1957 - 1959 Chairman of the MIT Corporation.
1959 - 1971 Honorary Chairman of the MIT
1922 "Priciples of Electrical Engineering"
1929 "Operational Circuit Analysis"
1945 July "As We May Think", Atlantic Monthly.
1946 Endless Horizons, a collection of papers and
1949 "Modern Arms and Free Men", a discussion of
the role of scidnece in preserving democratic
1967 "Science Is Not Enough", essays by Vannevar
1970 "Pieces of the Action", an examination of
science and the state.
Awards and Honors:
1928 Louis Edward Levy Medal of the Franklin
Institute for work on analyzing devices.
1935 Lamme Medal of the American Institute of
Electrical Engineers for "his development of
methods and devices for applications of
mathematical analysis to problems of
1939 Research Corporation award form Columbia
1941 Ballou Medal form Tufts College.
1943 Holley Medal of the American Society of
1945 Gold Medal of the National Institute of of
Social Sciences for distinguished service to
humanity, the Roosevelt Memorial Association's
Distinguished Service Medal, and the Marcellus
Hartley Public Welfare Medal of the National
Academy of Sciences.
1946 The Washington Award presented by the Western
Socciety of Engineers
1947 June The Distinguished Service Medal of Tufts
College, and the Hoover Medal for 1946 awarded
by the American Institute of Engineers, the
American Society of Civel Engineers, the
American Institute of Mining and Metallurgical
Engineers, and the American Society of
1948 February 11 Dubbed Knight Commander of the civilian
division of the Most Excellent Order of the
May 27 Medal of Merit with bronze oak leaf cluster
presented by President Truman at the White
1949 February Medal of the Industrial Research Institute,
Inc. presented by President Truman at the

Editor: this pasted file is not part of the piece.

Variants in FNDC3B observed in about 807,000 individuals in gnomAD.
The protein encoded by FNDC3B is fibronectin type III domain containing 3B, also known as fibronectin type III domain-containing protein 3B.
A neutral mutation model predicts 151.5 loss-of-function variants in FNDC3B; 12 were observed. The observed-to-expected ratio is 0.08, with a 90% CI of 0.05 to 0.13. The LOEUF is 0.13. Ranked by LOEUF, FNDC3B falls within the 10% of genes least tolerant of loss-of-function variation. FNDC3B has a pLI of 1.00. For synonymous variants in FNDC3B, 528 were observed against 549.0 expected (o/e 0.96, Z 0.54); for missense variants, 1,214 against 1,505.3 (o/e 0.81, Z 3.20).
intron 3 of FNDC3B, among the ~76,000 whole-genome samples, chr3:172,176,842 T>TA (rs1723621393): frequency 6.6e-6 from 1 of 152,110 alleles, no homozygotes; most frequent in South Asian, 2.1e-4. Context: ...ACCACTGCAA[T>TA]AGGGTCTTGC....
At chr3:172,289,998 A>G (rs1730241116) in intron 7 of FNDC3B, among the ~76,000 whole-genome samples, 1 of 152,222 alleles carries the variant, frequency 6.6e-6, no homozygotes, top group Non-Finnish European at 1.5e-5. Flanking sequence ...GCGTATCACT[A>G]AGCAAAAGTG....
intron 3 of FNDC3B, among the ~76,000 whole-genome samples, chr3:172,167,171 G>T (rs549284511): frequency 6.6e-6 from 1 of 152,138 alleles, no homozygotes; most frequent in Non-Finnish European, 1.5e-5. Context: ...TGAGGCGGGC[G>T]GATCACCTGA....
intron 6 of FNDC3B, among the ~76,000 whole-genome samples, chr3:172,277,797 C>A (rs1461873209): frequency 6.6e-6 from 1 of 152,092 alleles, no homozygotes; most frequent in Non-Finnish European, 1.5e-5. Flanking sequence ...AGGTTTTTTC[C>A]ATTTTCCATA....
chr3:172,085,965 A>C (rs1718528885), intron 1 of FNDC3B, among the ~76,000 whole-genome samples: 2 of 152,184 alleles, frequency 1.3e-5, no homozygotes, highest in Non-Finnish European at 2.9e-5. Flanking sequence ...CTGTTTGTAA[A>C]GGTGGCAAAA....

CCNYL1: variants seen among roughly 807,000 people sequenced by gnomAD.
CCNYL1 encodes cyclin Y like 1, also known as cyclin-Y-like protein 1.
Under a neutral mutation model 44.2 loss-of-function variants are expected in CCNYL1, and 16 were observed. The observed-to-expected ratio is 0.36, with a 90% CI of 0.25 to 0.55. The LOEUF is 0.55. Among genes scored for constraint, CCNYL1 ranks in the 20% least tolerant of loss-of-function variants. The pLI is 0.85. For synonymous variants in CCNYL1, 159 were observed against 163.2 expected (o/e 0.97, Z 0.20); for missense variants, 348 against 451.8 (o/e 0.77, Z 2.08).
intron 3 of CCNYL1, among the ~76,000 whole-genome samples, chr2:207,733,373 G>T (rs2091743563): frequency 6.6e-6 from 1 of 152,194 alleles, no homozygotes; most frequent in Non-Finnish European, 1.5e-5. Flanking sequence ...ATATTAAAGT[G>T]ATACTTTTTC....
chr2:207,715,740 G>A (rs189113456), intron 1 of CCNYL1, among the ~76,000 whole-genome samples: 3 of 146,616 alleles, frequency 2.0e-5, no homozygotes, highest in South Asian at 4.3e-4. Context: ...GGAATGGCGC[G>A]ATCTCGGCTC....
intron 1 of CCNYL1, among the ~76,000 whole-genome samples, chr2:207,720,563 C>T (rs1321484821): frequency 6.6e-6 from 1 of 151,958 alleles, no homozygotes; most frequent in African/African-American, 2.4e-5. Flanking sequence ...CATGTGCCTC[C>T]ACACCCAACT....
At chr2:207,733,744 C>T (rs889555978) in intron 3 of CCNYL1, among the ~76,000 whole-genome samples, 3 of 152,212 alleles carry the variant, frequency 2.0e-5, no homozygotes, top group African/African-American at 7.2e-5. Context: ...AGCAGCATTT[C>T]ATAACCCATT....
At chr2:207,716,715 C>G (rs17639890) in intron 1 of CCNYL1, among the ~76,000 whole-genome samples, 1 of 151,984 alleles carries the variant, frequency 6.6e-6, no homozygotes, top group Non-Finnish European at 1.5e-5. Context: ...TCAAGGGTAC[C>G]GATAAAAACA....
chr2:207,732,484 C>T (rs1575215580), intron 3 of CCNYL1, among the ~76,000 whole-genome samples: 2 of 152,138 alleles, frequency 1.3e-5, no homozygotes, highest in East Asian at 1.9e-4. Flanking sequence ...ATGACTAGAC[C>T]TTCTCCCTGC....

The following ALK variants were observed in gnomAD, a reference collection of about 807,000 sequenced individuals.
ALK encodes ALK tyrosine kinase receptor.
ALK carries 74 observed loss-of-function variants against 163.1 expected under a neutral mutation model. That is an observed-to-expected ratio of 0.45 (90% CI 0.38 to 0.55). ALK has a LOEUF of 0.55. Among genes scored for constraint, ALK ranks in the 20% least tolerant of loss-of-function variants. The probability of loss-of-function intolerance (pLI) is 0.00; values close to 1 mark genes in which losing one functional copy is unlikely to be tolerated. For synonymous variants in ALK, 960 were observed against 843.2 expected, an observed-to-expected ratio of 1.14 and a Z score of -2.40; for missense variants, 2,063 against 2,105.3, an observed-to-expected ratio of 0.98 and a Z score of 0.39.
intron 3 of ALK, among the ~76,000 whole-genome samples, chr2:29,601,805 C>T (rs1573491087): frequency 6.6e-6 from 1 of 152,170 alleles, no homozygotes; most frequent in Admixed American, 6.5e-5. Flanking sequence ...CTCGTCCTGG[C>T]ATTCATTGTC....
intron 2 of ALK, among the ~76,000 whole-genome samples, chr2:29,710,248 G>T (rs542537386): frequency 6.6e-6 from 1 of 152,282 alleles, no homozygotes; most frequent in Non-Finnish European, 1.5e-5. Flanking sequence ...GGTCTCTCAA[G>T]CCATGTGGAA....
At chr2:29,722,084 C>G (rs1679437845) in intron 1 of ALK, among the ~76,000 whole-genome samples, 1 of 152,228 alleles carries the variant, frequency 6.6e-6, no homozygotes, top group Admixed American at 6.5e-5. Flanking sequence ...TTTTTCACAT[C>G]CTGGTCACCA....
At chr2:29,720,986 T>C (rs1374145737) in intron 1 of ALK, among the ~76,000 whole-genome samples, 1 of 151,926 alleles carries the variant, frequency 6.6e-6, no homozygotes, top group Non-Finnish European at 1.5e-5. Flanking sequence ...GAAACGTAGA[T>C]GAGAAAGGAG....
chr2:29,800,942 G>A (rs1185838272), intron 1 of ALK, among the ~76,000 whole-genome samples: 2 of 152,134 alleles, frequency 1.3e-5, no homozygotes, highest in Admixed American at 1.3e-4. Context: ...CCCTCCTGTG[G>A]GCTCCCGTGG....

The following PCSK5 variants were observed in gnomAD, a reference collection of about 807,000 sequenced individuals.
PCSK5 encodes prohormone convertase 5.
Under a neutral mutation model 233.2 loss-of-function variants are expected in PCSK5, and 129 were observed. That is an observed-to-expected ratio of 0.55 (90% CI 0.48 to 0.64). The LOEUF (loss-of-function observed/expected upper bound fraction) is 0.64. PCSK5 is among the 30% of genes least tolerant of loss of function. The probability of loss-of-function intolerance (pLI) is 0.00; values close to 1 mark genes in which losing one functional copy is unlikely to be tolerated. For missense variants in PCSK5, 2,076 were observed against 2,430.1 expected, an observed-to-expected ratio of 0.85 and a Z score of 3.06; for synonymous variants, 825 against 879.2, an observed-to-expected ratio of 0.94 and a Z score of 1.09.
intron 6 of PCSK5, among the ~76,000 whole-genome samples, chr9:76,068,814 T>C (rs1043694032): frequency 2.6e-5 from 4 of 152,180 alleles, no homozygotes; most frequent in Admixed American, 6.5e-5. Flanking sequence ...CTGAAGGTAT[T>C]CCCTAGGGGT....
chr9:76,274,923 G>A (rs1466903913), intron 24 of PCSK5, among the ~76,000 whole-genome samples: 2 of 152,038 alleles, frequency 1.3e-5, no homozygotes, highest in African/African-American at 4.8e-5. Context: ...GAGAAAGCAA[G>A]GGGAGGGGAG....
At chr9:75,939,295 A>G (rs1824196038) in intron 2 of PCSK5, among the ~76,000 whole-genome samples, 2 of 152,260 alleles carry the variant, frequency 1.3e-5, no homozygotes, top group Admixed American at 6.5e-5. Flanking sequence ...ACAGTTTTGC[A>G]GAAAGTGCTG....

1964 January 13 National Medal of Science presented by
President L. B. Johnson.
Honorary Degrees (Sc.D.s):
Tufts College, Brown University, Middlebury College, Johns Hopkins
University, University of Pennsylvania, Yale University, Polytechnic
Institute of Brooklyn, Stevens Institute of Technololgy, Williams
College, Rutgers College, Washington University, Trinity College,
Universtiy of Buffalo, West Virginia University, Columbia University,
Princeton Universtiy, the Carnegie Institute of Technology, and
"The pioneer spirit is still vigorous within this nation. Science offers
a largely unexplored hinterland for the pioneer who has the tools for
his task. The rewards of such exploration both for the Nation and the
individual are great. Scientific progress is one essential key to our
security as a nation, to our better health, to more jobs, to higher
standard of living, and to our cultural progress."
-V.B. July 5th, 1945 as director of the Office of Scientific Research
and Development in his letter of response to President RooseveltÕs
letter requesting his recommendations as noted above in
the professional timeline.
"All my life, which has now lasted something under one hundred
years, I have observed managers in action: in government, in
universities, , and in industry, and I have puzzled over what made
them tick. I am far form the end of that puzzle, for no man can ever
fully understand another, even a close friend. But can we probe a bit
toward the essence of the good, the great, managers."